Rusta, an unmanned aerial vehicles specialist based in Lincolnshire, has provided an insight into what it takes to run its flight operations.
The company has been running its Remote Pilot Certificate Advanced and Remote Pilots Certificate Defence (RPCA & RPCD) courses for over two years and in that time Rusta’s UAV and ISR professionals have trained many different and varied security and defence entities subjecting well over 100 individual operators to the process.
These advanced courses offer a more detailed and professional approach in not just the flying aspect but operating the UAV in order to fulfil the security, policing or defence based mission.
All of Rusta’s staff are ex-military flying instructors with thousands of hours on both manned and unmanned platforms. All have all served on operations overseas during their forces careers and are very experienced in intelligence, surveillance and reconnaissance.
The first element in the RPCA and RPCD is the ground school phase, which lasts for two and a half days and is very similar to the RPCS standard course that Rusta offers. There are added elements such as a basic thermography lesson and other ISR based additions.
Once the candidates have passed the exam they are into part two, the flying phase. In phase two the candidates are divided into two-man constituted crews and start the Air Handling phase (AH).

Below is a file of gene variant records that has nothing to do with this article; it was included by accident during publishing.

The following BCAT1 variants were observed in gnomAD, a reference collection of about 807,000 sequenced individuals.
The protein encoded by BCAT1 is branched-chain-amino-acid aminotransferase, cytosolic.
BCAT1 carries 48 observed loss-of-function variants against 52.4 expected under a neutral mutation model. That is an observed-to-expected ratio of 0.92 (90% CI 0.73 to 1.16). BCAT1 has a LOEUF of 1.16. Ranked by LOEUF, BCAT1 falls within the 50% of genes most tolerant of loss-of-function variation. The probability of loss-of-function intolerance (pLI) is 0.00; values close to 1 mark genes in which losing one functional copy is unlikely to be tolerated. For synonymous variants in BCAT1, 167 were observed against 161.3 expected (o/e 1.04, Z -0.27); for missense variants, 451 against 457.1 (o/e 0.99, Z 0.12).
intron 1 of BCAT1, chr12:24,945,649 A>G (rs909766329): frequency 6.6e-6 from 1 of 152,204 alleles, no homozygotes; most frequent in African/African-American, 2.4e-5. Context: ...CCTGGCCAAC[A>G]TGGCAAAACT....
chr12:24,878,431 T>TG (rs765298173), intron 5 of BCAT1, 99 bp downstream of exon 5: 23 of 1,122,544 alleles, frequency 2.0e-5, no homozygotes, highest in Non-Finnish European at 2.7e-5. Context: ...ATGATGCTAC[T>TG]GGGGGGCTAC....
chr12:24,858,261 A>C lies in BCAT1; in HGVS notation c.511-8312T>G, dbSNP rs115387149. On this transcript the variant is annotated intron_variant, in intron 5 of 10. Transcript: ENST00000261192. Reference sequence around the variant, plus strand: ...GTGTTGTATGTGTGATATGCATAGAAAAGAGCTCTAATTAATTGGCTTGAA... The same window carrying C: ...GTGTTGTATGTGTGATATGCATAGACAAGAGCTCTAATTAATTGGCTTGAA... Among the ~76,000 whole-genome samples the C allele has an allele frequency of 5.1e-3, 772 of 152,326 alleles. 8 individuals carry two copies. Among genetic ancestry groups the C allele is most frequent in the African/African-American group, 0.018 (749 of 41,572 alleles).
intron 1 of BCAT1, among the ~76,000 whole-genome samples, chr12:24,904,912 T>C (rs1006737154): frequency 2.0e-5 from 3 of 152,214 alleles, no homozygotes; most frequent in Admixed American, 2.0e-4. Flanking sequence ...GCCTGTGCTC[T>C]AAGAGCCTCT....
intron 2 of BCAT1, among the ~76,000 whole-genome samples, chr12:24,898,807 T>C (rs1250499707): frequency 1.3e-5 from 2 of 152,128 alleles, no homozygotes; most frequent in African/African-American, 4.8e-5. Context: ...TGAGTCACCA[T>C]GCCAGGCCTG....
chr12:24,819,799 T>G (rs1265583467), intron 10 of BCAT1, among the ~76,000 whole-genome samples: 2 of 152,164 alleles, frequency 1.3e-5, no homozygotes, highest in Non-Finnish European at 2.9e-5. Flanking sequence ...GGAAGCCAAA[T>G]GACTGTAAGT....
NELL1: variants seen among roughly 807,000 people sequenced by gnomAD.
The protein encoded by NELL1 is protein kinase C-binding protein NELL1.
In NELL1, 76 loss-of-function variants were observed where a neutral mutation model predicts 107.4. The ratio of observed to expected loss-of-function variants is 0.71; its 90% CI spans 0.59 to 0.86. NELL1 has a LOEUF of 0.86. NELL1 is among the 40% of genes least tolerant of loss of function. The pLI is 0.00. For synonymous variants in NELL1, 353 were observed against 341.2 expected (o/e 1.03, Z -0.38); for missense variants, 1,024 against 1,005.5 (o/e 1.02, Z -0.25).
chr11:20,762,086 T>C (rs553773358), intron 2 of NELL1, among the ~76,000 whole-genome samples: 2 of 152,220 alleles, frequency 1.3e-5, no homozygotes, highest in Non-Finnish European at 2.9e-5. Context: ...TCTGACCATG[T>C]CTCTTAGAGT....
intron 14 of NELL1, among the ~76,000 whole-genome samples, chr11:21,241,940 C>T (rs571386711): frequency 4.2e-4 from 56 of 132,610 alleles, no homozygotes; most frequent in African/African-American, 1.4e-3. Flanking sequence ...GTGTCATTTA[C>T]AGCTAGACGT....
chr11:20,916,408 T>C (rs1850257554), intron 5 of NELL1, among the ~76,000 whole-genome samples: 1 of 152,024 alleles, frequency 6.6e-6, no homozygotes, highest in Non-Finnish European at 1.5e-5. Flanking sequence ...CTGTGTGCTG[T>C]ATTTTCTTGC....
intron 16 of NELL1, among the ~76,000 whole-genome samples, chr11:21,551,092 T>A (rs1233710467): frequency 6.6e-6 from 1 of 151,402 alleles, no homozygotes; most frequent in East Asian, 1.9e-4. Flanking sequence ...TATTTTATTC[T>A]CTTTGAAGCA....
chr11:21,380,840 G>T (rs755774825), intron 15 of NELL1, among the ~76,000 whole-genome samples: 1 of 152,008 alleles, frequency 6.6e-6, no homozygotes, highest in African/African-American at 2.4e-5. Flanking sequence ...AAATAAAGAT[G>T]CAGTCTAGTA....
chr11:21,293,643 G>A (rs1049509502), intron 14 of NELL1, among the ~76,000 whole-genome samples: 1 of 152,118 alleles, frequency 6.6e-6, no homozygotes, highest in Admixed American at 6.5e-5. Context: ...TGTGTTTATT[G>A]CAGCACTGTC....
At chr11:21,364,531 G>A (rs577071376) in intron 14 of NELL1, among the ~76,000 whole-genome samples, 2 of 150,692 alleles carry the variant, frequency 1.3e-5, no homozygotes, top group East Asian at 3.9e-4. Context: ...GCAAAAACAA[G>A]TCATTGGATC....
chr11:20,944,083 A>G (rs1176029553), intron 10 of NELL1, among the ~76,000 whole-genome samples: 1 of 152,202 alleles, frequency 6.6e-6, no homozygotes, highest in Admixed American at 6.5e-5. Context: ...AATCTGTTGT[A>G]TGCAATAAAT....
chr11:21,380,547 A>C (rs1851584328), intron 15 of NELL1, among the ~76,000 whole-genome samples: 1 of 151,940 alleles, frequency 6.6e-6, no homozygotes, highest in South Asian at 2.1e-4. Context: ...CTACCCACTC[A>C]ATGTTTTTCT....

The candidates go through the basics of flying, they start by getting to know the aircraft, running checklists and making sure the area of operations are acceptable to fly in. This phase is primarily focused on the flying of the UAV, it builds the candidates confidence and helps them critique their own performance so they can identify areas where they may need to improve.
Once the Rusta Evaluators are satisfied that the candidates are meeting the required standard they can then progress on to the more challenging Mission Element (ME) phase. This involves using the aircraft for gathering the mission specific data. Rusta teaches and demonstrate basic ISR principles, search patterns and communications techniques.
A spokesperson from Rusta said: “It’s vital that the candidates do not regress with regards to their flying ability but continue to improve on every aspect. Recently Rusta added an additional night flying exercise called Exercise Silver Eagle.
“This brings together all the AH and ME aspects and is conducted using thermal sensors. We have a team who are deployed on the ground around our target site and play the ‘hostiles’ whilst the constituted crews try to locate and track them. It adds a realistic operational element and it’s a great consolidation exercise to get them ready for the Operational Evaluations, or flight tests, that are conducted the following morning.”